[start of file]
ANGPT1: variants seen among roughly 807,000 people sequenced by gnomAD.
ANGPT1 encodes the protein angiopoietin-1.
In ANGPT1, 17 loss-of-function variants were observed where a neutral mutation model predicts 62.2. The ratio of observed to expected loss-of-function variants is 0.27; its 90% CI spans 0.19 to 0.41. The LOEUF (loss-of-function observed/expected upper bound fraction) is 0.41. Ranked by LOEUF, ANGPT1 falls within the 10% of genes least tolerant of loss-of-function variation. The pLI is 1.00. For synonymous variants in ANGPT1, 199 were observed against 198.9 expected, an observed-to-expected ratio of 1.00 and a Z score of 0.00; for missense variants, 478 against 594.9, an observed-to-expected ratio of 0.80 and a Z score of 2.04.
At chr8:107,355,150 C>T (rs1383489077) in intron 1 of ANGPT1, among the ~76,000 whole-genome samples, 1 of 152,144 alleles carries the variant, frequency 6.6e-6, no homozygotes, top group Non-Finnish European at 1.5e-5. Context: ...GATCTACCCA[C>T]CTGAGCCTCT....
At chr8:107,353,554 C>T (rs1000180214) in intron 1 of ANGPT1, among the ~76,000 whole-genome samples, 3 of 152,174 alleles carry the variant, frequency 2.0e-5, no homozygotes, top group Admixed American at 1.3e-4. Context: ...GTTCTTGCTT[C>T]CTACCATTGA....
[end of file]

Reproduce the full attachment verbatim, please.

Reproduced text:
ANGPT1: variants seen among roughly 807,000 people sequenced by gnomAD.
ANGPT1 encodes the protein angiopoietin-1.
In ANGPT1, 17 loss-of-function variants were observed where a neutral mutation model predicts 62.2. The ratio of observed to expected loss-of-function variants is 0.27; its 90% CI spans 0.19 to 0.41. The LOEUF (loss-of-function observed/expected upper bound fraction) is 0.41. Ranked by LOEUF, ANGPT1 falls within the 10% of genes least tolerant of loss-of-function variation. The pLI is 1.00. For synonymous variants in ANGPT1, 199 were observed against 198.9 expected, an observed-to-expected ratio of 1.00 and a Z score of 0.00; for missense variants, 478 against 594.9, an observed-to-expected ratio of 0.80 and a Z score of 2.04.
At chr8:107,355,150 C>T (rs1383489077) in intron 1 of ANGPT1, among the ~76,000 whole-genome samples, 1 of 152,144 alleles carries the variant, frequency 6.6e-6, no homozygotes, top group Non-Finnish European at 1.5e-5. Context: ...GATCTACCCA[C>T]CTGAGCCTCT....
At chr8:107,353,554 C>T (rs1000180214) in intron 1 of ANGPT1, among the ~76,000 whole-genome samples, 3 of 152,174 alleles carry the variant, frequency 2.0e-5, no homozygotes, top group Admixed American at 1.3e-4. Context: ...GTTCTTGCTT[C>T]CTACCATTGA....